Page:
Differences between the different year groups, survey waves and sub-groups within them have been tested and only those that are significant are reported on. Generally, questions where the base size was lower than 30 were not used. For a full explanation of the significance testing undertaken, and a full list of sub-groups tested, please refer to the technical appendix at the end of this report.
All new FSS participants from the Wave 3 cohort were recontacted in Wave 4 (except those who had opted out and declined further contact), with the aim of conducting 250 interviews in total within this group. These participants had joined the FSS service between January and December 2020. The final chapter examines this group in detail and compares their answers from the Wave 3 survey and the Wave 4 survey for the 250 individuals who took part in both Waves. This allows a comparison on key measures over time and examine longitudinal outcomes.
For the 250 individuals who took part in both waves, a RIM weight was applied to the data collected at Wave 3 and at Wave 4. The RIM weight was based on gender, age and geographical Lot from the full population proportions of 2020 FSS starters. The purpose of this was to bring the data back in line with the original population proportions of the 2020 FSS starters and to correct for any non-respose bias. In addition a RIM weight was also applied to Wave 4 longitudinal data based on the employment status of the 2020 cohort at Wave 3, to further account for any non-respose bias between Wave 3 and Wave 4 of the survey.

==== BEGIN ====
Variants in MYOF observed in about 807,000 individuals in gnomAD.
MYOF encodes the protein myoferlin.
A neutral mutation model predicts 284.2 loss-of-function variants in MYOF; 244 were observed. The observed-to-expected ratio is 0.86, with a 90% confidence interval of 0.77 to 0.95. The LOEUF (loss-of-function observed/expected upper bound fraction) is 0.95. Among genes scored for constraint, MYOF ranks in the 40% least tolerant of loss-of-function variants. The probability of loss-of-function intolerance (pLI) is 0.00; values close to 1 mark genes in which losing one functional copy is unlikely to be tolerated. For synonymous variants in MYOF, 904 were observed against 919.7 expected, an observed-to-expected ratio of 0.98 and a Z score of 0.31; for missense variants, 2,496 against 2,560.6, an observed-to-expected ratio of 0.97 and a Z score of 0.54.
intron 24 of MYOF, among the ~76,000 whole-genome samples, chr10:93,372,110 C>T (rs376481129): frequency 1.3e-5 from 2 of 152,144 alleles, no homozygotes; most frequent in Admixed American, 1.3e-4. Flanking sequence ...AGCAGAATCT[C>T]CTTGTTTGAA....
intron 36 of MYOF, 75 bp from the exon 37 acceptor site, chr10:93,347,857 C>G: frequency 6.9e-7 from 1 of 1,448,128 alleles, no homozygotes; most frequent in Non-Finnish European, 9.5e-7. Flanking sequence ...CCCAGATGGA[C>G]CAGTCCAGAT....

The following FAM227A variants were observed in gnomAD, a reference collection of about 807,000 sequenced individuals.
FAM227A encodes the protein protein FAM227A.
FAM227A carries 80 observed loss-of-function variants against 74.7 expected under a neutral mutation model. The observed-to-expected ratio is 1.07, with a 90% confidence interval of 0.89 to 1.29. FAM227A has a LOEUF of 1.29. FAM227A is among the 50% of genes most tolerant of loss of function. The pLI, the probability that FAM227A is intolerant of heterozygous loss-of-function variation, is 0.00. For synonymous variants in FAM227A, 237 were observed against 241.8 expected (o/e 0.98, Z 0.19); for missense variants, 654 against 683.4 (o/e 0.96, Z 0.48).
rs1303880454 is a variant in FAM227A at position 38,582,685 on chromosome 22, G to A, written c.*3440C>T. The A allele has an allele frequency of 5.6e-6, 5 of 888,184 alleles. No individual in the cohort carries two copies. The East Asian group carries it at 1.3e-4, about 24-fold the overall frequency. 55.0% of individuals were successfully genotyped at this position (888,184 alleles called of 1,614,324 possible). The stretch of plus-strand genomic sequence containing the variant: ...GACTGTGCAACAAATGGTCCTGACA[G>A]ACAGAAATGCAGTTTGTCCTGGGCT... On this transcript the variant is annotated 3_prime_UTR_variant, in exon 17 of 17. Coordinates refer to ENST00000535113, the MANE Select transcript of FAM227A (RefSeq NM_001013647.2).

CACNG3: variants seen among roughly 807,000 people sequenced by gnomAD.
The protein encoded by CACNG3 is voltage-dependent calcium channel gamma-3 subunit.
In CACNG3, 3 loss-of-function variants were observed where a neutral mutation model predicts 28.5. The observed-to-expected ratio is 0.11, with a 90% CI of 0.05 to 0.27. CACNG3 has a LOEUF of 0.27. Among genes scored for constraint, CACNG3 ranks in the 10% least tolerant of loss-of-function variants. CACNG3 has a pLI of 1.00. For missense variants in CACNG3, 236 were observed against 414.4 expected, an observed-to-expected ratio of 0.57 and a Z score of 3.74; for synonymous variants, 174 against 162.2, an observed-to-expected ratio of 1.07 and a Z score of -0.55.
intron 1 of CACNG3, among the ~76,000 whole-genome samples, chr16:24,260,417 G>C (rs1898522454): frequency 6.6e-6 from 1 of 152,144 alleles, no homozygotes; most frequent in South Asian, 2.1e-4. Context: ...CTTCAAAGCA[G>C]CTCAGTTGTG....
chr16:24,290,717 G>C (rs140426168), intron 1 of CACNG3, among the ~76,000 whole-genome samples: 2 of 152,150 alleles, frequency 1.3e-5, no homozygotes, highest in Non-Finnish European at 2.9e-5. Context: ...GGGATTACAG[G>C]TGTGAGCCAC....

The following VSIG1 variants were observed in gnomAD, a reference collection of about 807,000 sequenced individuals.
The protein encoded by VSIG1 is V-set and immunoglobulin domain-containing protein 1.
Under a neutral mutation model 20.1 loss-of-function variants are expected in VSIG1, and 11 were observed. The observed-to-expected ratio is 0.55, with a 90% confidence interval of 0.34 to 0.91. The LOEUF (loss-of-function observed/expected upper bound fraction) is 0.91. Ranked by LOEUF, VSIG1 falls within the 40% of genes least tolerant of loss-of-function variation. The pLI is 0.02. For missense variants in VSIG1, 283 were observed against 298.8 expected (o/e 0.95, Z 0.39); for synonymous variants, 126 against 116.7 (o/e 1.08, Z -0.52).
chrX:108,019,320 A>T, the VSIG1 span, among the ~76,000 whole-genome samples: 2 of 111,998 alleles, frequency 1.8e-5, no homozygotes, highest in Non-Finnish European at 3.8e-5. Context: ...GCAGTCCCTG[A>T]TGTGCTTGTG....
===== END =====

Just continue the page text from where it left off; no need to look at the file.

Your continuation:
A note on differences between geographical Lots
One of the sub-groups tested to explore any statistically significant differences was geographical Lot. This was undertaken in order indicate any differences related to geography, but we do not have insight into the underlying reasons behind any differences. Differences between Lots should not be interpreted as indicative of the performance of local service providers, simply that a difference exists between the geographical areas. Any interpretation of results for geographical Lots should be undertaken with extreme caution.
A note on eligibility for participation in Fair Start Scotland during 2021-22
In response to the labour market context during 2021/22, and participant feedback collected during the Year 3 Evaluation, some changes were made to the participation and eligibility criteria for 2021-22:
- reduction of the criteria for “length of time unemployed” from 24 months to 12 months
- allowing a “right of return” to previous participants; we have termed this group “re-joiners” in this report
- continuing to allow participants to “pause” their engagement with the service
As a result, the profile of individuals surveyed as part of the 2021-22 cohort reflects these changes. For example, just over a quarter (26%) of the 2021-22 cohort were re-joiners, having received support from the service perviously. More information on re-joiners can be found in the following “Profile of Respondents” section.